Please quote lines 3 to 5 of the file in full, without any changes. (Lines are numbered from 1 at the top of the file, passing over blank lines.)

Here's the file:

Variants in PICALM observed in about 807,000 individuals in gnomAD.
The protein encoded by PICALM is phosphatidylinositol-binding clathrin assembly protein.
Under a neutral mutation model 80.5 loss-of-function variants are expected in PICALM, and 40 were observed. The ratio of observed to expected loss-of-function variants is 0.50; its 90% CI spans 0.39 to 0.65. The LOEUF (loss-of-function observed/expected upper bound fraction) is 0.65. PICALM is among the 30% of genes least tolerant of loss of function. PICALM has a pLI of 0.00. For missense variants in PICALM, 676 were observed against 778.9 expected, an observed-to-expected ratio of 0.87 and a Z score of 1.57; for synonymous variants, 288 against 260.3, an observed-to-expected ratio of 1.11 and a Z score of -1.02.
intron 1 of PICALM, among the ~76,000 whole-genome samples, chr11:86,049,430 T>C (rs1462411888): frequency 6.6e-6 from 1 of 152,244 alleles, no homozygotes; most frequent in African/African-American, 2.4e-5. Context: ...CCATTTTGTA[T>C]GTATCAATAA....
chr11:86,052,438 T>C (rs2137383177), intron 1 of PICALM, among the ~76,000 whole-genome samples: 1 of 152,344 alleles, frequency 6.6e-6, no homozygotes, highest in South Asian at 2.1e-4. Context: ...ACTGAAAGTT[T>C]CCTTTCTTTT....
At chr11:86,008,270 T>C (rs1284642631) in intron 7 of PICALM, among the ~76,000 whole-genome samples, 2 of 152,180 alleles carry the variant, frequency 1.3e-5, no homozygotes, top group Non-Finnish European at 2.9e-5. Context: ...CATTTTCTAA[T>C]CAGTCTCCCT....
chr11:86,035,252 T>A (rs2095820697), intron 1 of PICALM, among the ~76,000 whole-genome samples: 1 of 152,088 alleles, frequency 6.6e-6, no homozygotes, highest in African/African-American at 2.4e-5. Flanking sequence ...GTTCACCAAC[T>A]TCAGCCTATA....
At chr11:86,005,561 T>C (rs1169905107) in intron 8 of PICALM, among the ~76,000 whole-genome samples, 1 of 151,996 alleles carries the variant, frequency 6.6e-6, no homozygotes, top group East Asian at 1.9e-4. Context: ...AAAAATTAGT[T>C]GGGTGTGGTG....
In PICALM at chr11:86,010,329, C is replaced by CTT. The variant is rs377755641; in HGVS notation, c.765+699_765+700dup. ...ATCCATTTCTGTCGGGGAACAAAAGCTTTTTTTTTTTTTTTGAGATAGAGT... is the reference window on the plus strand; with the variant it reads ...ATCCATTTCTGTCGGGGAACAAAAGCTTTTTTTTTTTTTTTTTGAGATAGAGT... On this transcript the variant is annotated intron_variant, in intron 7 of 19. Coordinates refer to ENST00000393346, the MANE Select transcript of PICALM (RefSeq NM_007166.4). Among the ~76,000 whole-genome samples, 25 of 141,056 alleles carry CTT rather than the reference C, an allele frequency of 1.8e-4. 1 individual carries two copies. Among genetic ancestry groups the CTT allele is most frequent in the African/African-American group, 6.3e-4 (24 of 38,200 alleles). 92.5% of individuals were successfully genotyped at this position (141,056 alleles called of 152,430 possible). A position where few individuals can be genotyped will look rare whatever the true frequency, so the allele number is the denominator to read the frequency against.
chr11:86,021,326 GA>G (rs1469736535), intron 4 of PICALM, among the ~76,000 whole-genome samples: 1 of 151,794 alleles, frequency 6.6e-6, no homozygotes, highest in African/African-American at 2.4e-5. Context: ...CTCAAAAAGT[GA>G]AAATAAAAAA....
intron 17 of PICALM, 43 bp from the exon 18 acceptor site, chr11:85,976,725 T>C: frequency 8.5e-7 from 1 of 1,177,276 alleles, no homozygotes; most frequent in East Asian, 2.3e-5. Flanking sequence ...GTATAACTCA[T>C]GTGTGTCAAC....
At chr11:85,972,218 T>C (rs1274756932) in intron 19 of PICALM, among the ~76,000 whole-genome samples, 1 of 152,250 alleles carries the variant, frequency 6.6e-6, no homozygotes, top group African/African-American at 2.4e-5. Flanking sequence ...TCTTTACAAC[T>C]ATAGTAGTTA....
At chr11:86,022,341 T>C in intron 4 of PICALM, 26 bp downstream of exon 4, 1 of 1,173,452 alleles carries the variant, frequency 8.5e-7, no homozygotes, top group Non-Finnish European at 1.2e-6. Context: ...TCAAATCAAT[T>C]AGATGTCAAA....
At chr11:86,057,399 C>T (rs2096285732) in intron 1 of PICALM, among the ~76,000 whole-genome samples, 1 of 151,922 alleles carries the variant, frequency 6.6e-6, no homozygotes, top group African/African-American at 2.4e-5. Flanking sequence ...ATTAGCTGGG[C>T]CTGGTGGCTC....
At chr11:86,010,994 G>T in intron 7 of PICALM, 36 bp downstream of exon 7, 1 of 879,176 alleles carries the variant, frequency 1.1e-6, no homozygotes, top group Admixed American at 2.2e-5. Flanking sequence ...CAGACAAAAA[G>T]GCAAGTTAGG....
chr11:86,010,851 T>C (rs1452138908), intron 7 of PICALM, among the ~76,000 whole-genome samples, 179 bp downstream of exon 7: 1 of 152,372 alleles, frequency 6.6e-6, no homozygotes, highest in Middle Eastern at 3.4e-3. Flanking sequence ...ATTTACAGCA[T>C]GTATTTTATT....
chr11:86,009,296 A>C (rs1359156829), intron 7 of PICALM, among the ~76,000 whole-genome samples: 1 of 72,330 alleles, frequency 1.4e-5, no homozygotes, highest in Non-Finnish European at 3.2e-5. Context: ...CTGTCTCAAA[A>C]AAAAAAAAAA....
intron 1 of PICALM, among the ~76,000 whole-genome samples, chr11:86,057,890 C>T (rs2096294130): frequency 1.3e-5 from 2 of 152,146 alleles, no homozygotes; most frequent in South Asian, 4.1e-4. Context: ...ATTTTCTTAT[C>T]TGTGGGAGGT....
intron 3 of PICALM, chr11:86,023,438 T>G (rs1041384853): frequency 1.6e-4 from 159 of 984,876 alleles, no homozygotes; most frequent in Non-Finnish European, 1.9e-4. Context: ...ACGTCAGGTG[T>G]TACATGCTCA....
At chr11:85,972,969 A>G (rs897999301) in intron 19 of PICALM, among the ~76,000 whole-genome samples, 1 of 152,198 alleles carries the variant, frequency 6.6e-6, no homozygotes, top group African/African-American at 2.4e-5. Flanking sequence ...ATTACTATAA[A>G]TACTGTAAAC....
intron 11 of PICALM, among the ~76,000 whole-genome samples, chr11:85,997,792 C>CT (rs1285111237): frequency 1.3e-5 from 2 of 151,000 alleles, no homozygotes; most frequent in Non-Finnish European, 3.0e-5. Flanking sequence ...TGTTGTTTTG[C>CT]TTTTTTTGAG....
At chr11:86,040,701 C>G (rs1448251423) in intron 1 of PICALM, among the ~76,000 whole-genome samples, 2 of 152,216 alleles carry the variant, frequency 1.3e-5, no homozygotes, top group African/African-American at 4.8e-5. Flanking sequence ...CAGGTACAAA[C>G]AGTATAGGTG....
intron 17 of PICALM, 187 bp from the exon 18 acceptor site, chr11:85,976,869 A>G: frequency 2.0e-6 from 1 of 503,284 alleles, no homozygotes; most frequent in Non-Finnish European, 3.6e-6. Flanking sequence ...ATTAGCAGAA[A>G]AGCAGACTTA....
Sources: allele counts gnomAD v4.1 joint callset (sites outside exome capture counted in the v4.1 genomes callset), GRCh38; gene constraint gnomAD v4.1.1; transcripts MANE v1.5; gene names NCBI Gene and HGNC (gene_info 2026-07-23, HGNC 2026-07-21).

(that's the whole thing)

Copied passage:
Under a neutral mutation model 80.5 loss-of-function variants are expected in PICALM, and 40 were observed. The ratio of observed to expected loss-of-function variants is 0.50; its 90% CI spans 0.39 to 0.65. The LOEUF (loss-of-function observed/expected upper bound fraction) is 0.65. PICALM is among the 30% of genes least tolerant of loss of function. PICALM has a pLI of 0.00. For missense variants in PICALM, 676 were observed against 778.9 expected, an observed-to-expected ratio of 0.87 and a Z score of 1.57; for synonymous variants, 288 against 260.3, an observed-to-expected ratio of 1.11 and a Z score of -1.02.
intron 1 of PICALM, among the ~76,000 whole-genome samples, chr11:86,049,430 T>C (rs1462411888): frequency 6.6e-6 from 1 of 152,244 alleles, no homozygotes; most frequent in African/African-American, 2.4e-5. Context: ...CCATTTTGTA[T>C]GTATCAATAA....
chr11:86,052,438 T>C (rs2137383177), intron 1 of PICALM, among the ~76,000 whole-genome samples: 1 of 152,344 alleles, frequency 6.6e-6, no homozygotes, highest in South Asian at 2.1e-4. Context: ...ACTGAAAGTT[T>C]CCTTTCTTTT....